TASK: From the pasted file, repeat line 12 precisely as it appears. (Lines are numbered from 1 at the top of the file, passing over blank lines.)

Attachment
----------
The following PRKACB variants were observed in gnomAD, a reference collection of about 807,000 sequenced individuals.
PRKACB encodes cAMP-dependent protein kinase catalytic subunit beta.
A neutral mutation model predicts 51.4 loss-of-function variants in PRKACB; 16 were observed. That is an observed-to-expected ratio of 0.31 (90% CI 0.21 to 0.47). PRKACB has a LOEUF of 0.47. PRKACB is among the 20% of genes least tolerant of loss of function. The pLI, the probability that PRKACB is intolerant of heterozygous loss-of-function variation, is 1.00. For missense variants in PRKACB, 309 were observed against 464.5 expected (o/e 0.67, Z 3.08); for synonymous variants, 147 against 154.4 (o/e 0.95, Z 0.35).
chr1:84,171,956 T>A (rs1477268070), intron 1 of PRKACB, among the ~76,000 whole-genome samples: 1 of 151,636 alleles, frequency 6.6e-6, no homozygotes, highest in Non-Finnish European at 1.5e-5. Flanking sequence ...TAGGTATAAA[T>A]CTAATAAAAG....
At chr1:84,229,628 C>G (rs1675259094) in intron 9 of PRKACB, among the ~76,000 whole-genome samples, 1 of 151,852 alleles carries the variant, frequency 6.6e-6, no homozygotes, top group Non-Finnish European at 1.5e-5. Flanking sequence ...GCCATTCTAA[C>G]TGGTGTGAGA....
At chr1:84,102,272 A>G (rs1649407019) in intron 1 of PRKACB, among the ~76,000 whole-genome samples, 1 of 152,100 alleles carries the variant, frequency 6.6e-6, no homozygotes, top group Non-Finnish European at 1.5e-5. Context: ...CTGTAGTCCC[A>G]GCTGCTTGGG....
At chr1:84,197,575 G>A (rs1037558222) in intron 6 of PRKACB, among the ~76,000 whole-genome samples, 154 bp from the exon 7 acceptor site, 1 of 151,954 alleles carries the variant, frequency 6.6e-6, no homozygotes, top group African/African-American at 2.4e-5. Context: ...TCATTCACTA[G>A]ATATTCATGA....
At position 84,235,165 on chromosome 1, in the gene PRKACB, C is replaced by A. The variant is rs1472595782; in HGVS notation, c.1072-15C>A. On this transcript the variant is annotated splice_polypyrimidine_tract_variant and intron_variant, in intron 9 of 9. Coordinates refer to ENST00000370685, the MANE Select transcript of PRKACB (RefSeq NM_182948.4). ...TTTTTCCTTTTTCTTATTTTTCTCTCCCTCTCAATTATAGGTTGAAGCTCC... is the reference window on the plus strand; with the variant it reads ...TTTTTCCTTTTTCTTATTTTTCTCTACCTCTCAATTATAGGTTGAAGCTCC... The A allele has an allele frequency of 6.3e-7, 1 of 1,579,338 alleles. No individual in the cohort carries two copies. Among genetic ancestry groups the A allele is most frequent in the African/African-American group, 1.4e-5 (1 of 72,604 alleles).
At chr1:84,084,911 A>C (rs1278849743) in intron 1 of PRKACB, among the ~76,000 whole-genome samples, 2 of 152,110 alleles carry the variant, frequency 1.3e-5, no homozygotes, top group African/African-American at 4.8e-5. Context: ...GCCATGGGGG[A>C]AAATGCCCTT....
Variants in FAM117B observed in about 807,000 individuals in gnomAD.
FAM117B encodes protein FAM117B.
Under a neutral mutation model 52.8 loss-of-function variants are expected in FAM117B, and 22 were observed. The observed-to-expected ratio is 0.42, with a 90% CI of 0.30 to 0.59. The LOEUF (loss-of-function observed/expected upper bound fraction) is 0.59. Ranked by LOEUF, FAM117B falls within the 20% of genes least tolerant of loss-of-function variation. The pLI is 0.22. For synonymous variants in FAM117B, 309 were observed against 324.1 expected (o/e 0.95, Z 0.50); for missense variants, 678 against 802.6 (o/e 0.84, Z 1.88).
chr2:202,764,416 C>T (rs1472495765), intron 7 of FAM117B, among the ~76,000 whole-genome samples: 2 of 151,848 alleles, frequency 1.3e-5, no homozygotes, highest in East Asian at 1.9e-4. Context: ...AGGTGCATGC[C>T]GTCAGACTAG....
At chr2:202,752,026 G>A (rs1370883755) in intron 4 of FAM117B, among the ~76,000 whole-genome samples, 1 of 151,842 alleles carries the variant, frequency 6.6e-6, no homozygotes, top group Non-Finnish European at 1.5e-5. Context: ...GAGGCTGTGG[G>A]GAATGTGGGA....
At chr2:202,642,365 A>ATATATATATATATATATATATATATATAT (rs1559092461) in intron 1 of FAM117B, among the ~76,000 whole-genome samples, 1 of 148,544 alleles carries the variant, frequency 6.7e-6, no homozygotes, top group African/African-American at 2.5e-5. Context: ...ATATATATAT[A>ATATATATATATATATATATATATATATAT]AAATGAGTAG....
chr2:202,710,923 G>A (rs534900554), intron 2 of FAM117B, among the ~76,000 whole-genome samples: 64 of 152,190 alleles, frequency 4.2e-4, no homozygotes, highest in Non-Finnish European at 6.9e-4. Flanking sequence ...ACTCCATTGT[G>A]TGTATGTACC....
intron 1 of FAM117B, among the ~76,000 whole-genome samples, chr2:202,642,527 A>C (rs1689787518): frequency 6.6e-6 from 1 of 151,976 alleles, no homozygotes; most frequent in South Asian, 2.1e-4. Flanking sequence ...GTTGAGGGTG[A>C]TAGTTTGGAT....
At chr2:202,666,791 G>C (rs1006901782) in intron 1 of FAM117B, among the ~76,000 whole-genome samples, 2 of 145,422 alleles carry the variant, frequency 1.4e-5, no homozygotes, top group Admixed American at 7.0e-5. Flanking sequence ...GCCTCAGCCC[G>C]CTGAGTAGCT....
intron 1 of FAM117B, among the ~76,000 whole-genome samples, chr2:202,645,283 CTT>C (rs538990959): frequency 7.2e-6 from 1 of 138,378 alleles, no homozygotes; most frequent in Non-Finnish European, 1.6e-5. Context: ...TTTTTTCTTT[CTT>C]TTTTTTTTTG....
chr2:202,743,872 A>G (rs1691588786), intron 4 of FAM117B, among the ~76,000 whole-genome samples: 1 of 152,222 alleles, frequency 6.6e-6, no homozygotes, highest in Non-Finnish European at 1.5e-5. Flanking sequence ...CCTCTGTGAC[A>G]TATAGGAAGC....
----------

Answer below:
Under a neutral mutation model 52.8 loss-of-function variants are expected in FAM117B, and 22 were observed. The observed-to-expected ratio is 0.42, with a 90% CI of 0.30 to 0.59. The LOEUF (loss-of-function observed/expected upper bound fraction) is 0.59. Ranked by LOEUF, FAM117B falls within the 20% of genes least tolerant of loss-of-function variation. The pLI is 0.22. For synonymous variants in FAM117B, 309 were observed against 324.1 expected (o/e 0.95, Z 0.50); for missense variants, 678 against 802.6 (o/e 0.84, Z 1.88).